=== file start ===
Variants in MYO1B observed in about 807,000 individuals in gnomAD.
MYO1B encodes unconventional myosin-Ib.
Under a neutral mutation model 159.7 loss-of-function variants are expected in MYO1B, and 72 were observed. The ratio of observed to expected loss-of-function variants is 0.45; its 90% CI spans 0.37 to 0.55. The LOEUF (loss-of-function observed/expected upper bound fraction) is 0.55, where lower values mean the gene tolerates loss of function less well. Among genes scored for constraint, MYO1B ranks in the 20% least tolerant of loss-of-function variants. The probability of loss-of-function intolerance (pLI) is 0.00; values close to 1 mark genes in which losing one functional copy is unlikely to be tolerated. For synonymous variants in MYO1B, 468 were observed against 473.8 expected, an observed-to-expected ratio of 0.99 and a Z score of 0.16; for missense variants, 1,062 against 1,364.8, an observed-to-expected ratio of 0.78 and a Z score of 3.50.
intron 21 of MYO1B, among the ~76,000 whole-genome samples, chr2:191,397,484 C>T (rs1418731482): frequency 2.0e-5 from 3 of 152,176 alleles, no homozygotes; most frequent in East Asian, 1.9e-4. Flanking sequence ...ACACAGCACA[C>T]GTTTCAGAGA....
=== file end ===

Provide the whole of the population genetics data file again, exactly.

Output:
Variants in MYO1B observed in about 807,000 individuals in gnomAD.
MYO1B encodes unconventional myosin-Ib.
Under a neutral mutation model 159.7 loss-of-function variants are expected in MYO1B, and 72 were observed. The ratio of observed to expected loss-of-function variants is 0.45; its 90% CI spans 0.37 to 0.55. The LOEUF (loss-of-function observed/expected upper bound fraction) is 0.55, where lower values mean the gene tolerates loss of function less well. Among genes scored for constraint, MYO1B ranks in the 20% least tolerant of loss-of-function variants. The probability of loss-of-function intolerance (pLI) is 0.00; values close to 1 mark genes in which losing one functional copy is unlikely to be tolerated. For synonymous variants in MYO1B, 468 were observed against 473.8 expected, an observed-to-expected ratio of 0.99 and a Z score of 0.16; for missense variants, 1,062 against 1,364.8, an observed-to-expected ratio of 0.78 and a Z score of 3.50.
intron 21 of MYO1B, among the ~76,000 whole-genome samples, chr2:191,397,484 C>T (rs1418731482): frequency 2.0e-5 from 3 of 152,176 alleles, no homozygotes; most frequent in East Asian, 1.9e-4. Flanking sequence ...ACACAGCACA[C>T]GTTTCAGAGA....